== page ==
Michael R. Green, PhD, The University of Texas MD Anderson Cancer Center and Kelli MacDonald, PhD, QIMR Berghofer Medical Research Institute
Disclosures:
Green: Kite/Gilead: Research Funding; Sanofi: Research Funding; Allogene: Research Funding; Monte Rosa Therapeutics: Honoraria; Tessa Therapeutics: Honoraria; KDAc Therapeutics: Current equity holder in private company; Daiichi Sankyo: Membership on an entity's Board of Directors or advisory committees.
Lymphoma B-cells exist within a complex milieu of immune and stromal cells that play a central role in lymphoma etiology direct cell-cell contact and/or the release of soluble factors. Inter-patient heterogeneity in lymphoma microenvironment characteristics have been linked with divergent outcomes following chemoimmunotherapy and are likely to be major determinants of response or resistance to modern immunotherapeutic approaches such as cell therapy and T-cell engagers. This session will highlight recent advances in the characterization of the lymphoma microenvironment and its association with therapeutic failure, with a focus on chimeric antigen receptor (CAR) T-cell therapy. 

Dr. Maher Gandhi will highlight recent advances in spatial imaging and single cell genomics that have provided new insights into how non-cancerous cells behave and interact within histologically distinct lymphoma subtypes. Lymphoma is a cancer of the immune system, in which malignant lymphoid cells co-exist within a sophisticated microenvironmental niche. Manipulating the environment to provide novel targeted therapeutics remains an unmet need.

Dr. Leandro Cerchietti will describe the distinct phenotypes of cancer associated fibroblasts (CAFs) in patients with B- and T-cell lymphomas. He will describe how these populations that include inflammatory and myofibroblastic CAFs are transcriptionally and epigenetically reprogrammed into cancer supporting entities. He will also describe the roles of CAFs throughout the course of disease, their unique role in older lymphoma patients, and potential therapeutic vulnerabilities that can be targeted for lymphoma immunotherapy.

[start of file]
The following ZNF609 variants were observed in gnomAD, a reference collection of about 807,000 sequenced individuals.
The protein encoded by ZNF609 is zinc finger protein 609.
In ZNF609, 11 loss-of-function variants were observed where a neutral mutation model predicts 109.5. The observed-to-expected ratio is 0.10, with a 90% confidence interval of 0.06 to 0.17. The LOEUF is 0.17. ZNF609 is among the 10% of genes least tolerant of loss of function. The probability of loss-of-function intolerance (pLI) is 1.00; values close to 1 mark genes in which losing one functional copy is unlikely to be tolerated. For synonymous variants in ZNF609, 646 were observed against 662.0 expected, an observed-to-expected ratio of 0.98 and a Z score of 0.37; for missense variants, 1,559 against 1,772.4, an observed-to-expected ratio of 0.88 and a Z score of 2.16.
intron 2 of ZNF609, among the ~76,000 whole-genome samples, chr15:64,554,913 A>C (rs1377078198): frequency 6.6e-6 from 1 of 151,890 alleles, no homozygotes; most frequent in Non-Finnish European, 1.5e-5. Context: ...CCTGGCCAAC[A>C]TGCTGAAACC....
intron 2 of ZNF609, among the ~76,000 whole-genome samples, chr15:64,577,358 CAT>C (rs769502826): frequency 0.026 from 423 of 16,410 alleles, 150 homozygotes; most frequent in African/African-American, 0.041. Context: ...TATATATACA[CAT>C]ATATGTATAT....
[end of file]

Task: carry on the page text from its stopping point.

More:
Dr. Frederick Locke will discuss how evidence from lymphoma patient samples collected on CAR-T cell clinical trials, and from patients treated with standard of care CAR-T, paint a picture of the lymphoma tumor mechanisms of resistance to CAR-T. He will describe the impact of tumor associated inflammatory signals and suppressive myeloid cells in the tumor microenvironment and periphery. Dr. Locke will also outline how the pretreatment immune contexture impacts efficacy, and the association between lymphoma cell genomic complexity and response to CAR-T therapy. 

Dr. Saad Kenderian will describe the impact of different components of the tumor microenvironment on outcomes of cellular immunotherapy for lymphoma. He will discuss how changes in cytokines, inhibitory myeloid cells, cancer associated fibroblasts, and extracellular vesicles interact with CAR-T cells and induce both toxicity and resistance to therapy. Lastly, he will review current efforts to modulate the tumor microenvironment in order to increase CAR-T cell safety and efficacy.

Maher K. Gandhi, PhD, FRACP, FRCPath

Blood Cancer Research Group, Mater Research, University of Queensland, Brisbane, QLD, Australia; Department of Haematology, Princess Alexandra Hospital, Brisbane, QLD, Australia

Leandro Cerchietti, MD

Department of Medicine, Division of Hematology & Medical Oncology, Weill Cornell Medicine, New York, NY

Frederick L. Locke, MD

Department of Blood and Marrow Transplant and Cellular Immunotherapy, Moffitt Cancer Center, Tampa, FL

Saad S. Kenderian, MD

Division of Hematology, Mayo Clinic, Rochester, MN

See more of: Scientific Program